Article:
Now and then, a story about rabies in humans or our pets hits the news. Most recently, there was a story about a man in British Columbia who died from a bat bite. So far, 25 people have died in Canada from rabies since 1924, most from bat bites. Why bats? Well, all mammals can carry rabies, but often people don’t always realize they have been bitten by a bat because their teeth are so small they often don’t leave much of a mark. It means that people may not seek treatment for possible rabies exposure the way they would if bitten by a dog. By the time symptoms start appearing, it is usually too late.
In the US (and some other countries as well), it can be very expensive to seek treatment for a possible rabies bite wound, but fortunately, in Canada, it is covered under our health care. If you think you may have been exposed, please see your doctor immediately – pretty much all rabies exposure in Canada is from wildlife-bats, raccoons and skunks are the main sources overall as well as an arctic fox in the north. Most people know horror stories of getting multiple needles in the abdomen; however, that is an old treatment. Now there is one injection around the bite wound area and then a series of vaccines. So the take-home message-if you think you’ve been exposed see your doctor, rabies is rare but not worth ignoring the risk!
For our animal friends, vaccination is very important. More and more wildlife is encroaching into our urban areas, and sick animals are more likely to be out during the day and be more bold and aggressive and are therefore more likely to interact with our pets. There is no test for rabies during the incubation period, which can last from weeks to months. The only definitive test for rabies is the submission of the brain for testing. Furthermore, if a pet is bitten by a rabid animal and is not vaccinated, there are no shots they can get, unlike humans.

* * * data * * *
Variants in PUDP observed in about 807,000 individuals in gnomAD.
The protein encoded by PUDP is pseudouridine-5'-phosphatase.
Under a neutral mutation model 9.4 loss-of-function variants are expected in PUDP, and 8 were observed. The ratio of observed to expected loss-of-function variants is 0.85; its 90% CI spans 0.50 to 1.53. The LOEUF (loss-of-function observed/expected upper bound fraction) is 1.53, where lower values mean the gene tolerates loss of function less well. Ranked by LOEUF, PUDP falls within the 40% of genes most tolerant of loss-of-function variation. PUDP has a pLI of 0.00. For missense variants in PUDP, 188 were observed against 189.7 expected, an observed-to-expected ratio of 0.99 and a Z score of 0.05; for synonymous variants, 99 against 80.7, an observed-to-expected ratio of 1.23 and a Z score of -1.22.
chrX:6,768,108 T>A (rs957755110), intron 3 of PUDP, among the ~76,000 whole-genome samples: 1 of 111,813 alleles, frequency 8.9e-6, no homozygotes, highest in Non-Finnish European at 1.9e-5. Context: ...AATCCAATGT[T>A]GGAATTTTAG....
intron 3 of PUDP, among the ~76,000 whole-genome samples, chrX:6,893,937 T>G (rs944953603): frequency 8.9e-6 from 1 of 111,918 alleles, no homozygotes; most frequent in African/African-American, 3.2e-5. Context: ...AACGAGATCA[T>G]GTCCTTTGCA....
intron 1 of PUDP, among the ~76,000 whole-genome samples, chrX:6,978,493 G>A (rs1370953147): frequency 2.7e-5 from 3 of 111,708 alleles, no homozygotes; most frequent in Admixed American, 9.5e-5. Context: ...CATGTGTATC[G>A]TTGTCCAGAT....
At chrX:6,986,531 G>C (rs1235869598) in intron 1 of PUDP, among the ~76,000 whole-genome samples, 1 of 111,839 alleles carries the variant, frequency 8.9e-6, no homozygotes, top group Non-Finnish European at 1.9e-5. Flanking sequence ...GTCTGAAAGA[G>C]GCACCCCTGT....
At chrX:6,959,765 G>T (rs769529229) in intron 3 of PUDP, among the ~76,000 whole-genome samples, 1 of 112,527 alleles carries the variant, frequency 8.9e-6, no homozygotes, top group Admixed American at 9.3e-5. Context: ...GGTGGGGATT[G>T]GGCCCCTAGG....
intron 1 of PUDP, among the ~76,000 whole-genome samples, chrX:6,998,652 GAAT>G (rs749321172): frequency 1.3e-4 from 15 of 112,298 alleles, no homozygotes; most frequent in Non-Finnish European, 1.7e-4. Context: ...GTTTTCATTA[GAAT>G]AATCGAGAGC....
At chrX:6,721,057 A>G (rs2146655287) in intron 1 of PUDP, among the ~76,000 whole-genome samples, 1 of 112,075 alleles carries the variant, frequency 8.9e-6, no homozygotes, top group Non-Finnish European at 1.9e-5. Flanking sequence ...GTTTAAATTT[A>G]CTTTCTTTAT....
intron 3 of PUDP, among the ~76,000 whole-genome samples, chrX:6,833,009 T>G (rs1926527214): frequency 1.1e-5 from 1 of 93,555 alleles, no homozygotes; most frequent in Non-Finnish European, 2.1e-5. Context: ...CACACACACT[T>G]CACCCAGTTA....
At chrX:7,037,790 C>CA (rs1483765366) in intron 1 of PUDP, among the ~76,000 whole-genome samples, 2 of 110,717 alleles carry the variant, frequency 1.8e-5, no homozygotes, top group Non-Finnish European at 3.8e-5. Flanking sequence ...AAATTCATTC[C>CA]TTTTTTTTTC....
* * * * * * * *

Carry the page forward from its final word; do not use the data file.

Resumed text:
The vaccines for rabies are safe and effective but need to be given by a veterinarian. There have been failures of the vaccine when given by owners or untrained people because of improper type, storage or improper administration. The vaccines are “killed,” so they can’t cause disease. They cause the body to produce antibodies against the virus. After getting the vaccine for two years in a row, most are good for three years. Vaccination is a low risk, inexpensive preventive for a very serious disease! Many people believe because they haven’t heard of an animal having rabies that it isn’t an issue, but we do not test sick wildlife for rabies very often, only if there has been an interaction with a human. It is a rare disease, and we would like to keep it that way!
Written by: Dr. Jessica O’Keefe, DVM